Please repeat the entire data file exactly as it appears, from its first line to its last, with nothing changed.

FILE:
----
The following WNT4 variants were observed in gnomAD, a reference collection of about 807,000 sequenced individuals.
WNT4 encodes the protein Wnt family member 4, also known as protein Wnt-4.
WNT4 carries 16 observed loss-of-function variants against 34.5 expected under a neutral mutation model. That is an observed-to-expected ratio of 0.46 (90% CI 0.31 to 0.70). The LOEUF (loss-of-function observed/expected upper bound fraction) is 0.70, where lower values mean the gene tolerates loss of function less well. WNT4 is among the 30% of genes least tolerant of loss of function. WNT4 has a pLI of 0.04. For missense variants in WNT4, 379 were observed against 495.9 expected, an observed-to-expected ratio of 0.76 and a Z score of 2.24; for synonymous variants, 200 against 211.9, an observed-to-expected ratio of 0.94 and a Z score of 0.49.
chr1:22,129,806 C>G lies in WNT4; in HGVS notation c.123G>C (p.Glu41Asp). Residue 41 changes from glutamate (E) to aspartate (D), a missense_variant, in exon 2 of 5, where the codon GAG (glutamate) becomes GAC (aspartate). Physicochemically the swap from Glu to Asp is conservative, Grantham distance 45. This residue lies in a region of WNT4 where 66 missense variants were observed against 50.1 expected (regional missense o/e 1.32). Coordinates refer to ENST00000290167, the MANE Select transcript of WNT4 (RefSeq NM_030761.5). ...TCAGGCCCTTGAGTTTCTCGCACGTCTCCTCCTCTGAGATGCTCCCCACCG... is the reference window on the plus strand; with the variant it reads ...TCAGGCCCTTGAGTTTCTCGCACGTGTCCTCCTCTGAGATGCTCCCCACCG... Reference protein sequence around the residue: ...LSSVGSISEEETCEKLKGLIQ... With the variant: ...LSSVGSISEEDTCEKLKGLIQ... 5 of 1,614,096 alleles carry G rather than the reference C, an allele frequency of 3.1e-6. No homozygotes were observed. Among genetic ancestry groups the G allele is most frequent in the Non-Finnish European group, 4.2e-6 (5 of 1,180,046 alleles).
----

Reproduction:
The following WNT4 variants were observed in gnomAD, a reference collection of about 807,000 sequenced individuals.
WNT4 encodes the protein Wnt family member 4, also known as protein Wnt-4.
WNT4 carries 16 observed loss-of-function variants against 34.5 expected under a neutral mutation model. That is an observed-to-expected ratio of 0.46 (90% CI 0.31 to 0.70). The LOEUF (loss-of-function observed/expected upper bound fraction) is 0.70, where lower values mean the gene tolerates loss of function less well. WNT4 is among the 30% of genes least tolerant of loss of function. WNT4 has a pLI of 0.04. For missense variants in WNT4, 379 were observed against 495.9 expected, an observed-to-expected ratio of 0.76 and a Z score of 2.24; for synonymous variants, 200 against 211.9, an observed-to-expected ratio of 0.94 and a Z score of 0.49.
chr1:22,129,806 C>G lies in WNT4; in HGVS notation c.123G>C (p.Glu41Asp). Residue 41 changes from glutamate (E) to aspartate (D), a missense_variant, in exon 2 of 5, where the codon GAG (glutamate) becomes GAC (aspartate). Physicochemically the swap from Glu to Asp is conservative, Grantham distance 45. This residue lies in a region of WNT4 where 66 missense variants were observed against 50.1 expected (regional missense o/e 1.32). Coordinates refer to ENST00000290167, the MANE Select transcript of WNT4 (RefSeq NM_030761.5). ...TCAGGCCCTTGAGTTTCTCGCACGTCTCCTCCTCTGAGATGCTCCCCACCG... is the reference window on the plus strand; with the variant it reads ...TCAGGCCCTTGAGTTTCTCGCACGTGTCCTCCTCTGAGATGCTCCCCACCG... Reference protein sequence around the residue: ...LSSVGSISEEETCEKLKGLIQ... With the variant: ...LSSVGSISEEDTCEKLKGLIQ... 5 of 1,614,096 alleles carry G rather than the reference C, an allele frequency of 3.1e-6. No homozygotes were observed. Among genetic ancestry groups the G allele is most frequent in the Non-Finnish European group, 4.2e-6 (5 of 1,180,046 alleles).